MILWAUKEE — Over a million COVID-19 vaccine doses have been allocated by the federal government for Wisconsin, meaning the doses are earmarked for the state and will eventually arrive when supplies are ready.
It is the first time vaccine allotment has risen above one million for the state. Of the 1,152,025 doses allocated as of Wednesday, almost 200,000 of those doses are slated for the Pharmacy Partnership Program, which guides vaccine distribution for residents and staff at long-term care facilities via pharmacies. Within the PPP program, about 113,000 doses have gone to skilled nursing facilities, while just under 140,000 doses have gone to assisted living facilities, according to the latest numbers from the Wisconsin Department of Health Services.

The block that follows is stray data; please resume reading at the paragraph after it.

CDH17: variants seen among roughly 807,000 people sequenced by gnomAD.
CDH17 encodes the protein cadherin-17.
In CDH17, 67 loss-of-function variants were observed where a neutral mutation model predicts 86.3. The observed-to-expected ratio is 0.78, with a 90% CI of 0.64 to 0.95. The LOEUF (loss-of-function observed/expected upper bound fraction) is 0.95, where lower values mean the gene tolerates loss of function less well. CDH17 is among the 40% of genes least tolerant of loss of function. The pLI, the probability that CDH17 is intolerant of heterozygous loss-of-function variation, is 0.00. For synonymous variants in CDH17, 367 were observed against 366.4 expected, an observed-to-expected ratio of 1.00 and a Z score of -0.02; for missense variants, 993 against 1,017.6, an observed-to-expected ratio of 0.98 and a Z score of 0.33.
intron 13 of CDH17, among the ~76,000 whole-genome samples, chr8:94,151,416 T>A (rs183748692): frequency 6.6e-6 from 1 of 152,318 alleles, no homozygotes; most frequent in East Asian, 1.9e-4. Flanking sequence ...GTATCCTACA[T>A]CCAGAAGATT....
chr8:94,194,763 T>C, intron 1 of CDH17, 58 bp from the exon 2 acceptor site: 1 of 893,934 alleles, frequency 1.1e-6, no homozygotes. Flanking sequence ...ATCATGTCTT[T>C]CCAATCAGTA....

Doses are allocated based on Wisconsin's population compared to other states' populations - regardless of the state's vaccination phase, the DHS says.
A further 900,000 doses have been ordered for Wisconsin. Orders are placed every week based on the number of vaccine providers in the state who can schedule and administer doses for that week. Doses given through the Pharmacy Partnership Program are not included in the number of doses ordered.
Another 130,000 vaccine doses were shipped or are currently in-transit to Wisconsin over the last week.
About 822,900 vaccine doses have been administered to patients in Wisconsin so far. The vaccines available to state residents right now, the Pfizer and Moderna vaccine, both require two separate doses for the best protection against the coronavirus.
About 5.8 million people live in Wisconsin.